Flying Solo

FxCam_1297975544963so lonely

Last week it became official: the three (nameless) individuals who I was supposed to run races with this spring (both Run the Bluegrass and the SLO Half) have, for various reasons, all backed out.

So I spent a lot of last week on the fence.  The weather was crappy.  Work was busy.  Shins were hurting.  I was exhausted.  Motivation was very low.  Training for 13 miles started to seem stupid.

On Thursday I made a deal with myself.  I would suck it up and do the 10 mile run on Saturday.  If I had any hip, knee, or shin pain, I would skip RTBG, mellow out on the longer runs for the next week or two, and re-evaluate for SLO.

Saturday morning I woke up really grouchy, not wanting to run at. all.  But (after a lot of bitching…sorry Paul), out I trudged.

The weather was…great.  And the run felt good.  Almost easy.

So for now, we’re sticking with the plan.  Sometimes flying solo isn’t a bad thing.


Spring Training Schedule


I have always found plans to be useless, but planning is indispensable.
~Dwight D Eisenhower

Sunrises lately have been ridiculous.

So last week I did one of my most favorite things: sat down and put together a training schedule.  I put some serious time into the presentation of my training schedules (that are generally excel sheets that only I see), color coding and making them look like this:


Because where’s the fun if you don’t seize every time you open up your schedule.

So, 2 half marathons in the next 4 months (late March and late April).  Time to get some structure up in these parts.

First: considering the fact it took me just about forever to feel normal running again, I am starting from the beginning.  Novice training plans.  No serious speedwork, no super hard runs.  I am not shooting to PR at either of these races, I  am just working to get my mileage base back since I’ve been out of the game so long and have found it so hard to get back.

Second: I have never been a competitive runner.  I’ve never had a coach.  I mostly run because just swimming all the time gets really boring.  But I do understand the basic structure of a training schedule for an endurance sport (thank you, decade and a half of swimming and coaching) and have done enough recreational running/triathlons to know at the very least what some of my limitations are.  Included in these are the fact that injuries tend to flare up when/if I:

  • Do too many consecutive days of running (especially after long runs)
  • Make every run a “hard” run
  • Don’t foam roll before and after every run
  • Don’t cross train/strengthen

One other thing that will be different this time around:

20140111_104104Yes, this.  I am working full time, (trying to) coach in the mornings again, usually running on minimal sleep, and dealing with a tiny HH.  Flexibility is really important.

When I put together a schedule for any race, I usually take a look at a few of the free options online (see: here, here, here, here for half marys…there are a ton) and build off of those.  (Runners World also has some more detailed training plans for a variety of different levels, but they cost money.)

Hal Higdon was my go-to when I trained for my first marathon.  Things I like about Hal’s approach:

  • He incorporates cross training/strengthening into the schedule.  It’s not just straight up running.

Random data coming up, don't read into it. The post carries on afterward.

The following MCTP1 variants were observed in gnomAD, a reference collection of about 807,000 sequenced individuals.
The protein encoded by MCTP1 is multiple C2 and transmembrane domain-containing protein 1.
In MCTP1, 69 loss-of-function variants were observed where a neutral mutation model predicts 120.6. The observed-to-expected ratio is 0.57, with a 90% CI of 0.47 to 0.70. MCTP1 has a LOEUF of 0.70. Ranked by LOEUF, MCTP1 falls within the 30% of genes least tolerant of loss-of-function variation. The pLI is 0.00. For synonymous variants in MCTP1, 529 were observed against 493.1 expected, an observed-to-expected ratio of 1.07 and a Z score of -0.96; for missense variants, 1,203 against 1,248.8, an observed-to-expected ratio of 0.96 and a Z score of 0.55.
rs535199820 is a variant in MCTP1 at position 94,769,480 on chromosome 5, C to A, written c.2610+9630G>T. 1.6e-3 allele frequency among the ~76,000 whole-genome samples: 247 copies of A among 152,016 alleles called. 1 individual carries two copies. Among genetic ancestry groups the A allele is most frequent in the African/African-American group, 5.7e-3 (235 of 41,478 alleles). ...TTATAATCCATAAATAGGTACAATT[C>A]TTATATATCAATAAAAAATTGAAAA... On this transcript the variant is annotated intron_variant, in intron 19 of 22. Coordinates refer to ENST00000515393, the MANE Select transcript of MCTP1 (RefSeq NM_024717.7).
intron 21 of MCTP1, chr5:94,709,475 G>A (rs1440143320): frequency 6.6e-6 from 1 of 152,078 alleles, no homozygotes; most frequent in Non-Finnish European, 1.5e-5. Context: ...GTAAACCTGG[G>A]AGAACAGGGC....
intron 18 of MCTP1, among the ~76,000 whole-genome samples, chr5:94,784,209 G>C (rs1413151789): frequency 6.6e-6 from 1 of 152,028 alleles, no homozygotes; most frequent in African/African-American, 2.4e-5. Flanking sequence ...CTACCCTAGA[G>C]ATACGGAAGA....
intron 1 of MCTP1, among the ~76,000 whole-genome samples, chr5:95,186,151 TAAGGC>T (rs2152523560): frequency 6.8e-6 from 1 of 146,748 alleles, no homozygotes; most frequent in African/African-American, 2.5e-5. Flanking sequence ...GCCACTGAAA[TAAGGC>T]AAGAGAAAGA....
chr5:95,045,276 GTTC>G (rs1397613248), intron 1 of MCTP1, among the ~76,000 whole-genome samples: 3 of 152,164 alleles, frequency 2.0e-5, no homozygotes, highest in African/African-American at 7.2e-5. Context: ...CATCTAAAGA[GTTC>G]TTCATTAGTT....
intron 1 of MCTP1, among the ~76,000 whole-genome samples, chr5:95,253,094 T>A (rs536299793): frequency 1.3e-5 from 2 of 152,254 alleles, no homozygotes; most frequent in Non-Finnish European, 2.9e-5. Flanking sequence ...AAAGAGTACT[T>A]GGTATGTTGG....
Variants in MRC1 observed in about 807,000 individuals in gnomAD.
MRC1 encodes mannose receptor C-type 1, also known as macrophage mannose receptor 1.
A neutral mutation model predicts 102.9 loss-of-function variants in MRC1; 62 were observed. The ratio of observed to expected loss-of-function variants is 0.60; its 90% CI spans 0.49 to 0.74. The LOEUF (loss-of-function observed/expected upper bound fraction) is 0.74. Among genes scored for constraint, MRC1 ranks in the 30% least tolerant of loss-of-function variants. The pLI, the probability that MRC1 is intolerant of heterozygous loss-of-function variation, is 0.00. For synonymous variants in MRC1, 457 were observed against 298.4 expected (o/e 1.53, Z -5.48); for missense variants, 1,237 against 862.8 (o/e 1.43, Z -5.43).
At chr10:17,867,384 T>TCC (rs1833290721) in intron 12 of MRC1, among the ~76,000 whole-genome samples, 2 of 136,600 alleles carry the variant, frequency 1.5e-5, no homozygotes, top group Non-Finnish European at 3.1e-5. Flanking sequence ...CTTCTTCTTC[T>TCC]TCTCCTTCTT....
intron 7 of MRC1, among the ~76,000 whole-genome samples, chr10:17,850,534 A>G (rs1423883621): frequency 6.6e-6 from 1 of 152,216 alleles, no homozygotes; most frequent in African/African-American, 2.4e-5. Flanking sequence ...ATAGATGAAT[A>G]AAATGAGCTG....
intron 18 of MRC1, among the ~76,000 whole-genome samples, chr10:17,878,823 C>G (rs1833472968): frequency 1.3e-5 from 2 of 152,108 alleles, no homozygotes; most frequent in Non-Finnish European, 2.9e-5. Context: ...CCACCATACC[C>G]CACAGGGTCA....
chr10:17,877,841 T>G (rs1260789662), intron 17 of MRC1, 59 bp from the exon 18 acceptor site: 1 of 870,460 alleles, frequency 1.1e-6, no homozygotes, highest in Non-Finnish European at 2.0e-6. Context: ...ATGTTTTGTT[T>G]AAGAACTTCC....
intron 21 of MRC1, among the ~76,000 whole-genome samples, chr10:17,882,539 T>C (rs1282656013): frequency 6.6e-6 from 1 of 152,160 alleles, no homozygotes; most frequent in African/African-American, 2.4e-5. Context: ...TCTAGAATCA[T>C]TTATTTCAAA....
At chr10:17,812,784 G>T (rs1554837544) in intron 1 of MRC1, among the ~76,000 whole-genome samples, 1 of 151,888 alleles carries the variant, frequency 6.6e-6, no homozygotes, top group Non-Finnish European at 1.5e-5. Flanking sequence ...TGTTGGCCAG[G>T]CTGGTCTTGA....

• He provides alternatives on days that are not speed days or heavy mileage days, giving the runner some flexibility.
  • You can stick with his training schedule and avoid running multiple days  in a row.

Elements of Hal’s novice schedules that don’t work great for me:

  • The longest run on the schedule is significantly shorter than the race distance (10 miles for a half, 20 miles for a full).  Personally, I like to have one run that is close to race distance under my belt before race day, especially at this stage when I’m building back into a solid fitness level.
  • Race days are incorporated into the schedule.  I like this in theory, but in reality it probably is not going to happen.  Finding a 10K race somewhere in this region on one specific weekend requires a little too much logistical maneuvering than I am up for right now.  At this point I am less concerned with speed, more concerned with getting that base mileage in.

And so, for this spring, I have taken Hal’s basic outline and combined it with a slightly different mileage structure, and after taking into account a few other things (such as the fact that the race is on a Saturday instead of a Sunday…)

half mary
And yes, I am calling this a spring training schedule even though it’s January.

I will not hit every single workout on here, but it is what I’m shooting for.  I have, however, given myself five mandatory things I need to do each week (barring any extenuating circumstances, like an illness):

  • Complete the long run of the week, even if it doesn’t happen on Saturday.
  • Get at least 2 shorter runs in during the week, even if they aren’t the full distance.
  • On the days I can’t get a run or cross-training session in, complete hip/core strengthening exercises for at least 10 minutes, just to maintain a certain level of strength.
  • ROLL AND STRETCH before and after runs.  Because (a lot) of times I am squeezing runs into very tight time slots, this can be harder than it sounds.
  • Try to swim at least once a week at the very very least to stretch everything out.

You can also assume the majority of my cross training will be swimming (though the intensity/distance will vary), since I think I OD’ed on stationary machines the past 3 months.

Finished Week 1 yesterday.  So far, so good.